Search CRC LEME :

powered by FreeFind

Publication Policy

Open File Report Series

OFRS Index


Regolith Maps

Annual Reports

Articles & Papers


Minerals Briefs

"Focus on Salt"

Other LEME Reports

Order Form

Open File Report 53

The distribution of gold and other elements in soils at the Granny Smith Gold Deposit, Western Australia

Lintern, M.J. and Butt, C.R.M.

The distribution of Au and other elements was examined at the Granny Smith Au deposit, south of Laverton. The area is extensively covered by hardpan, which is particularly common in the northern part of the Yilgarn Craton and inland Australia. Five profiles were studied, some to 10 m depth, for textural, geochemical and mineralogical characteristics pertaining to the distribution of Au and other elements. Laboratory studies were performed to examine the nature and behaviour of Au in the soil. Selected bedrock samples were analysed for trace elements in order to determine their potential as pathfinders for Au mineralization. This study was to complement work previously performed south of the Menzies Line where a strong association was found between pedogenic carbonate and Au.

The distribution of Au at Granny Smith appears to be primarily related to the contact between transported and residual components of the hardpan and is coincident with a trend towards increasingly alkaline conditions. South of the Menzies Line, such a change of pH has no significant effect on the distribution of Au. Segregations of hardpan material from contact between the transported and residual components indicates that the matrix does not necessarily contain all the Au because some is associated with lithorelic fragments cemented within the matrix. Furthermore, there does not appear to be any general mineralogical, geochemical or textural associations of Au with other components within the profiles, although these do exist within individual profiles. Laboratory experiments indicate that some Au is associated with specific extractable phases within the soil e.g., manganese oxides, organic material and soluble silica but, compared with Au that can be leached using water or iodide alone, they do not represent a highly significant fraction. Gold is generally found to be at least as soluble in water and iodide as in some soils south of the Menzies Line, but mobility in the surficial environment appears to be severely restricted due to encapsulation within the hardpan cement. Re-adsorption of dissolved Au by hardpan is possible, but is weaker than that occurring with ferruginous soils in the south.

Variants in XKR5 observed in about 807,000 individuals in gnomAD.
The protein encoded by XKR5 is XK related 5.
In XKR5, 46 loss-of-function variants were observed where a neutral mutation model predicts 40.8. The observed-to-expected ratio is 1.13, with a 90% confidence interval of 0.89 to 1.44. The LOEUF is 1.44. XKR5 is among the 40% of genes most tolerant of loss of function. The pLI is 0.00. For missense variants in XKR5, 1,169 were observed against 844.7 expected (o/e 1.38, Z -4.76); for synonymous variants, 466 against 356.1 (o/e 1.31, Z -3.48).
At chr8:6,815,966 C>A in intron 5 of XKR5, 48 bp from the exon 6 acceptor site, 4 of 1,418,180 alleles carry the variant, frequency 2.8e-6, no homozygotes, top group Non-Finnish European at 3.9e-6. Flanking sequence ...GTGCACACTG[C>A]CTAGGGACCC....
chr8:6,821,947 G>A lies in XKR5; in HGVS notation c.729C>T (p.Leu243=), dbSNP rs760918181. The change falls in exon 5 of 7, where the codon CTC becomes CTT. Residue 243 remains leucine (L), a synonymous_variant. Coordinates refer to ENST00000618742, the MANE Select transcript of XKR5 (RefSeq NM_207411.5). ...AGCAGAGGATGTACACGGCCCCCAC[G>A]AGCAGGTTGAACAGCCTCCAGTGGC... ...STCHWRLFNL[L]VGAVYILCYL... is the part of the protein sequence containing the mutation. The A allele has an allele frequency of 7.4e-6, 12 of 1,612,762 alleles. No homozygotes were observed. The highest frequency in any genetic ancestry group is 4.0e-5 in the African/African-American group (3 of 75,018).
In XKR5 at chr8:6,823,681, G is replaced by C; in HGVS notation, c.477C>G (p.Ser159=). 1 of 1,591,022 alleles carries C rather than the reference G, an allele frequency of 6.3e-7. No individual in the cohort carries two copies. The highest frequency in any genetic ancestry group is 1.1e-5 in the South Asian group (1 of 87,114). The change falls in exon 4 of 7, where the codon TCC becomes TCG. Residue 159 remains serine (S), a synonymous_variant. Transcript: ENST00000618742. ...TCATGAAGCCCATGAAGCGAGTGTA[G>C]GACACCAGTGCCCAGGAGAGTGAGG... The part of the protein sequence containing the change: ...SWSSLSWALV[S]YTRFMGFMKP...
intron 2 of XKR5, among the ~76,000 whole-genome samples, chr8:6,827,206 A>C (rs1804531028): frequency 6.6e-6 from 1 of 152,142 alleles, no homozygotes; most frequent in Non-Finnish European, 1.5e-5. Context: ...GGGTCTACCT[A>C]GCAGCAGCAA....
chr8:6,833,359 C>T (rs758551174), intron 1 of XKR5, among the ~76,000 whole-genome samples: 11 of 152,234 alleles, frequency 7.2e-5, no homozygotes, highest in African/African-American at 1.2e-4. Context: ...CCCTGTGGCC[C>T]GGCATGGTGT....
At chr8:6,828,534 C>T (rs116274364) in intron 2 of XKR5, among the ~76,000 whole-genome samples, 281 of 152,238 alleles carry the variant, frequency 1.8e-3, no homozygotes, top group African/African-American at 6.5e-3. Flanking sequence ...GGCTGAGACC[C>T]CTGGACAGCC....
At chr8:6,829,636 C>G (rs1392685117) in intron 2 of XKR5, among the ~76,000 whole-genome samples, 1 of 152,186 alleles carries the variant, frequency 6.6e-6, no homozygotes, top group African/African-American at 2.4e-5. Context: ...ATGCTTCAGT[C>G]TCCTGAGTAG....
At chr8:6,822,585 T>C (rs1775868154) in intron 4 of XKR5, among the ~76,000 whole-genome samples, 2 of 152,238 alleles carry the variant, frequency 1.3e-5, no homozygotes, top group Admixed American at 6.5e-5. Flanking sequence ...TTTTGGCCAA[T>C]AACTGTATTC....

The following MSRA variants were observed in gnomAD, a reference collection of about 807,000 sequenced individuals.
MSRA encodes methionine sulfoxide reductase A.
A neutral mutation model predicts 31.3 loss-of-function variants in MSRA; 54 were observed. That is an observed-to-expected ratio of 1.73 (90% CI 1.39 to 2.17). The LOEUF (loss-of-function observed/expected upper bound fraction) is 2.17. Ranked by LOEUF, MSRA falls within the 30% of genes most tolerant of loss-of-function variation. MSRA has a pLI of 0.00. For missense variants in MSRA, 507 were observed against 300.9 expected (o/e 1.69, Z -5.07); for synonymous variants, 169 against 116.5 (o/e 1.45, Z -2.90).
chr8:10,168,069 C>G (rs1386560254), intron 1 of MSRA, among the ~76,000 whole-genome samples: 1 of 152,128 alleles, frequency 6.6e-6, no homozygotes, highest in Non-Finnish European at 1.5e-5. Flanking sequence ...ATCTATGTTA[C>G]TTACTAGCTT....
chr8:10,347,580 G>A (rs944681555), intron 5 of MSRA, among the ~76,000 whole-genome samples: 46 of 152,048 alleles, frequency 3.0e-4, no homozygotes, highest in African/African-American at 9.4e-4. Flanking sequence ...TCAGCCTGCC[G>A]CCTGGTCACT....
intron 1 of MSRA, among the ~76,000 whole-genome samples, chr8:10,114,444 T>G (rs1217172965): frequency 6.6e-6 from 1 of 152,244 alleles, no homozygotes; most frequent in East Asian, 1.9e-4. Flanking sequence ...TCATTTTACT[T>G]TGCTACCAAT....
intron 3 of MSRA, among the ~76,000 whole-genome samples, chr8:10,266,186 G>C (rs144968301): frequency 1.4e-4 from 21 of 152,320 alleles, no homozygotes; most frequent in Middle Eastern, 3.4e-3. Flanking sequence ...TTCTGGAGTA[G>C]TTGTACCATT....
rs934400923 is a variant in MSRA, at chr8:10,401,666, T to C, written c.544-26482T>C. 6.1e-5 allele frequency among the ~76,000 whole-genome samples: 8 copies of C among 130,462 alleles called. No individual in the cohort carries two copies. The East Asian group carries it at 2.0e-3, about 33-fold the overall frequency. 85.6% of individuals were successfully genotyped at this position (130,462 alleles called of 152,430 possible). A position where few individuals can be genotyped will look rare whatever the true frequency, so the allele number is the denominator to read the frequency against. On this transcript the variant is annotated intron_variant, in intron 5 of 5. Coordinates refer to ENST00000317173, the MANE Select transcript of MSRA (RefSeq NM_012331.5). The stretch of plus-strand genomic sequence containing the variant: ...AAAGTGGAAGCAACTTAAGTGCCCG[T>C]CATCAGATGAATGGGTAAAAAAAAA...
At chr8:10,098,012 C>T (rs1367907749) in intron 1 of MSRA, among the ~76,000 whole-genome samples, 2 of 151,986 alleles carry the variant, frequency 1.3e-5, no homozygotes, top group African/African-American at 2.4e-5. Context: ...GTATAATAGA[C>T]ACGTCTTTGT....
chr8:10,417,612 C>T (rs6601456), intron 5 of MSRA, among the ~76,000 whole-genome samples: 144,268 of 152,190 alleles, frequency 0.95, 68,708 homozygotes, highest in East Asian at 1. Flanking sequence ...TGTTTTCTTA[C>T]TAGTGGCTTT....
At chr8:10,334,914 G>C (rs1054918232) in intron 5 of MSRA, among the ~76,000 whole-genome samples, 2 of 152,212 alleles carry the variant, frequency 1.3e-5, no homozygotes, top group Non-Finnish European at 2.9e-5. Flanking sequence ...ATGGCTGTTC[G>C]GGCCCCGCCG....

Arsenic, W. Mo and, perhaps, Sb are associated with primary mineralization, but only As is retained at detectable concentrations in the upper regolith. Barium, Cu and Zn are weakly enriched in bedrock and are retained in the upper saprolite; however, Ba may also indicate the presence of felsic rocks, such as granodiorite, rather than mineralization. The generally low abundances of Bi, Cd, In, Pb, Se and Ag in primary mineralization eliminate them as potential pathfinder elements.

The work highlights the problems associated with exploration for Au in areas dominated by hardpan. Further studies and examples are required before any recommendations on specific sampling procedures can be made.

Last updated: Thursday, January 06, 2000 08:59 AM


Cooperative Research Centres Australia

About Us | News & Events | Research
Publications | Education | Staff Only | Links

Contact Us | Disclaimer | Sitemap
© CRC LEME 2004

CRC LEME is established and supported under the Australian Government's Cooperative Research Centres Program. The CRC Program is an Australian Government initiative which brings together research groups with common interests.

CRC LEME Core Parties